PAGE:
Across the country, a few states are considering new legislation that would force stores and restaurants to do the most basic of things: take your cash. 

In December of 2018, the New Jersey Legislature passed a bill requiring all “brick-and-mortar retailers” to take cash. The synopsis of their bill was pretty simple: “prohibits discrimination against cash-paying customers.” Not too long after, the Philadelphia City Council approved their own bill banning cashless stores.

Now, Chicago, New York City, San Francisco, and Washington are all looking at similar bills tackling “cashless” payments, as reported by The New York Times.

The popularity of using cashless payment options, like cards or even your phones, has risen as people say it’s convenient and quick. However, there’s a big difference between personal choice and forcing somebody into it. For many, stores that require cashless payment options immediately become inaccessible.

“It’s important to recognize the fact that not everyone has access to banks or lines of credit,” New Jersey State Senator Nellie Pou said, according to The New York Times. A 2017 report by the Federal Deposit Insurance Corporation found 6.5 percent of American households are “unbanked” or lack a checking or savings account.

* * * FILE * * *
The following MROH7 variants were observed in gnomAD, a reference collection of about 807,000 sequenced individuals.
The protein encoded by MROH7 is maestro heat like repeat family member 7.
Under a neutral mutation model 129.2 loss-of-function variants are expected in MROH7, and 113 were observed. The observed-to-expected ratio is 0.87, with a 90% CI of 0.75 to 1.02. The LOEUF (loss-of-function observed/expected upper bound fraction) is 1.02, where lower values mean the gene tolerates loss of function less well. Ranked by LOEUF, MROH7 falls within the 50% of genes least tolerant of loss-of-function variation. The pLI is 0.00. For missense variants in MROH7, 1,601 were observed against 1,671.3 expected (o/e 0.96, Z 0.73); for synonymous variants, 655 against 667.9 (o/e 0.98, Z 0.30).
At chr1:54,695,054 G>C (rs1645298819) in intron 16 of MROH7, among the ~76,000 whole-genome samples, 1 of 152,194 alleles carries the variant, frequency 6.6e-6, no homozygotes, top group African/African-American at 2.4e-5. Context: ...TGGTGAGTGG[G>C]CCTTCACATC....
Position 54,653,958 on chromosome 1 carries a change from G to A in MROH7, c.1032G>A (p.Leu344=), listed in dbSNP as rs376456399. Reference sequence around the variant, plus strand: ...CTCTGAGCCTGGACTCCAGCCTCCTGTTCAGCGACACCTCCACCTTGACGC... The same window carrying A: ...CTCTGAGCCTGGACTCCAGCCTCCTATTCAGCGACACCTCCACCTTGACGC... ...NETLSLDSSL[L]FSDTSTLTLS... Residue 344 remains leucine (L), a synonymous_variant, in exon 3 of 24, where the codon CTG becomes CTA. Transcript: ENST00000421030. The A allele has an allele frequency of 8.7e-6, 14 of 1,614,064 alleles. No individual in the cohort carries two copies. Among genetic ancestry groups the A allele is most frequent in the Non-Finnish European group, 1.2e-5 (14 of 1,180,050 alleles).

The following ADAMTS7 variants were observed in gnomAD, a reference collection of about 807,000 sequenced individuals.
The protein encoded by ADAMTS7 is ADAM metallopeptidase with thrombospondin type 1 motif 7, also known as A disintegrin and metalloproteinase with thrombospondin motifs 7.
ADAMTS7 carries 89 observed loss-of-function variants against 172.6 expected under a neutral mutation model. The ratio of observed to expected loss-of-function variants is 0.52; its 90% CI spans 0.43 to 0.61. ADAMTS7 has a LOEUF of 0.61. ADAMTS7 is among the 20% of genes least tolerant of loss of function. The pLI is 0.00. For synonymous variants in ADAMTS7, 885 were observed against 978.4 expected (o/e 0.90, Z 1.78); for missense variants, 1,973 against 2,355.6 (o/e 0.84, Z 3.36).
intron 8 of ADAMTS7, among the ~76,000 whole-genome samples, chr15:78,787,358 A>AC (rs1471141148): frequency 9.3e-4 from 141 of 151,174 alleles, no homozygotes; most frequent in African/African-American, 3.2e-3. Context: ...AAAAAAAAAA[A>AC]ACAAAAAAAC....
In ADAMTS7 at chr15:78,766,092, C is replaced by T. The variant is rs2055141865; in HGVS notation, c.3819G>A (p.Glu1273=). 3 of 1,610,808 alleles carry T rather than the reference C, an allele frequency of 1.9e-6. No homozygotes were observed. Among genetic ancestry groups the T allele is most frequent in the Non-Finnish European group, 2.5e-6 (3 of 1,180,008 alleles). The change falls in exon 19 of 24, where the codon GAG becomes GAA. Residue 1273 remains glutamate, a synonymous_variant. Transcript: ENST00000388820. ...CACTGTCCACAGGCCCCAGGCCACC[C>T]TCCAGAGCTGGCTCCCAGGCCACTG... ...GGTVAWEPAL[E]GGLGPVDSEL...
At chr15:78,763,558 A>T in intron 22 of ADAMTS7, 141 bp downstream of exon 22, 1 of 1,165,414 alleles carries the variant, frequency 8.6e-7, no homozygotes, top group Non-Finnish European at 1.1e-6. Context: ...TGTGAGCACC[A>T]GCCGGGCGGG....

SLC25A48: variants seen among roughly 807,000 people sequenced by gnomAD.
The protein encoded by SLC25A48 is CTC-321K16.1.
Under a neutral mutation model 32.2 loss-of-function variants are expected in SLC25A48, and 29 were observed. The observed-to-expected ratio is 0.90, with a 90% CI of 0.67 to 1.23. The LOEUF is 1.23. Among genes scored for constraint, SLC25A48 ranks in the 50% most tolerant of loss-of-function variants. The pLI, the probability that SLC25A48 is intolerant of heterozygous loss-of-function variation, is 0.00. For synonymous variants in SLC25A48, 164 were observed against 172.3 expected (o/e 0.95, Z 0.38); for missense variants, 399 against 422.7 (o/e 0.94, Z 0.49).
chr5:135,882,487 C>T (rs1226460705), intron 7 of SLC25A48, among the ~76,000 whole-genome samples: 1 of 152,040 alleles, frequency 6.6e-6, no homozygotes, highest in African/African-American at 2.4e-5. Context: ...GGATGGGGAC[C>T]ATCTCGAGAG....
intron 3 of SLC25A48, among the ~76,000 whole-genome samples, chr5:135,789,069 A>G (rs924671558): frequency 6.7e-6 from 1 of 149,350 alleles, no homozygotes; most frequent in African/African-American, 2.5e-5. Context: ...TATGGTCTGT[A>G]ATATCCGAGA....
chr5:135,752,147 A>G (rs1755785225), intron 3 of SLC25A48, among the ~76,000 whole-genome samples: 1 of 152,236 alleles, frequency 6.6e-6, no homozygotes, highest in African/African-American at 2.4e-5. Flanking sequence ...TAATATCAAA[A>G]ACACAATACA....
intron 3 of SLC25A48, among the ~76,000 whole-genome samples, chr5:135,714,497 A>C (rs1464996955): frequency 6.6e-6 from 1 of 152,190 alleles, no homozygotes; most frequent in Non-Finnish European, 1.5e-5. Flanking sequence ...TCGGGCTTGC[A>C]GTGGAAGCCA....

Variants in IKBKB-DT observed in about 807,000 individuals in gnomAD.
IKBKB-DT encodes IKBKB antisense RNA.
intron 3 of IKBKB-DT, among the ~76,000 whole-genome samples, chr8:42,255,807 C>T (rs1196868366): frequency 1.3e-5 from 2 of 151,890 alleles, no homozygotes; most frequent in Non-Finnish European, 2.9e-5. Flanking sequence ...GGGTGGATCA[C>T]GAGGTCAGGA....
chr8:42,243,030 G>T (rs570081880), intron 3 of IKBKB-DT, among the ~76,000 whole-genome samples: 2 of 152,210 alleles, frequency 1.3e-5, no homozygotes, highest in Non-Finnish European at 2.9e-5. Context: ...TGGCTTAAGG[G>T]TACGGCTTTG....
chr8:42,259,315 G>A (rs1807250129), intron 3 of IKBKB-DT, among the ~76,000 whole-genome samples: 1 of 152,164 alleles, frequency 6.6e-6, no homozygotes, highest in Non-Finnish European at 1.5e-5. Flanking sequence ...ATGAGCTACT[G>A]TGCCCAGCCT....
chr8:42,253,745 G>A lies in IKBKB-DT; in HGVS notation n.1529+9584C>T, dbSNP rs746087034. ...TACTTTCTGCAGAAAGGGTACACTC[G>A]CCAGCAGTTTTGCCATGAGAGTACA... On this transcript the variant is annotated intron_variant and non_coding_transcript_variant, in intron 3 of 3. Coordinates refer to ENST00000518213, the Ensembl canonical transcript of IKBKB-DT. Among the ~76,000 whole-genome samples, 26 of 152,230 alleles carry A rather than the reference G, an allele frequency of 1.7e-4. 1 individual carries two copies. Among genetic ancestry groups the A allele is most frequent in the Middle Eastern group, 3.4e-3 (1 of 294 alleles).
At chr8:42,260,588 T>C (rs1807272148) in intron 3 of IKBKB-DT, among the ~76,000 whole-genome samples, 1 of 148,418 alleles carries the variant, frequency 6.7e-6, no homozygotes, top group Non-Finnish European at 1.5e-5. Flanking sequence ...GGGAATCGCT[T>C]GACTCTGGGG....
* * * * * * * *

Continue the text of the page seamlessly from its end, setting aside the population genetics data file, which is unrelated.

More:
Ritchie Torres, a councilman from the Bronx who introduced a bill in New York City said his concerns were “for New Yorkers who face historically rooted barriers to both credit and banking,” as reported by The New York Times.

There’s also a link between poverty and being unbanked. As noted by the University of Pennsylvania’s Public Policy initiative, “The lack of access to traditional banking services makes millions of households turn to alternative financial services that charge exorbitant fees, leaving the unbanked and underbanked trapped in a cycle of poverty.”

Now stores requiring only cashless payments discriminate against poor people. That was noted by Councilman Bill Greenlee in Philadelphia who, according to Philly Voice, “argued that cashless retail is unjust in a city with a 26 percent poverty rate, where many lower-income residents tend to use cash.”

The bill has not been popular with major retailers like Amazon. In New Jersey, Amazon has five pop-up stores and one bookstore. When asked to come up with ideas as to how they could “serve those without a bank account” by State Senator Pou, she did not hear back, as reported by The New York Times.

In Philadelphia, Amazon also told Councilman Allan Domb that, if a bill passed, “it would not consider locating an Amazon Go cashier-less convenience store in Philadelphia,” as reported by AP News. The outlet also said City Spokesman Mike Dunn “confirmed Amazon told the city the legislation would ‘impede’ plans for a Go store.”

Despite this, Philadelphia passed its bill, and other states are still looking to do the same.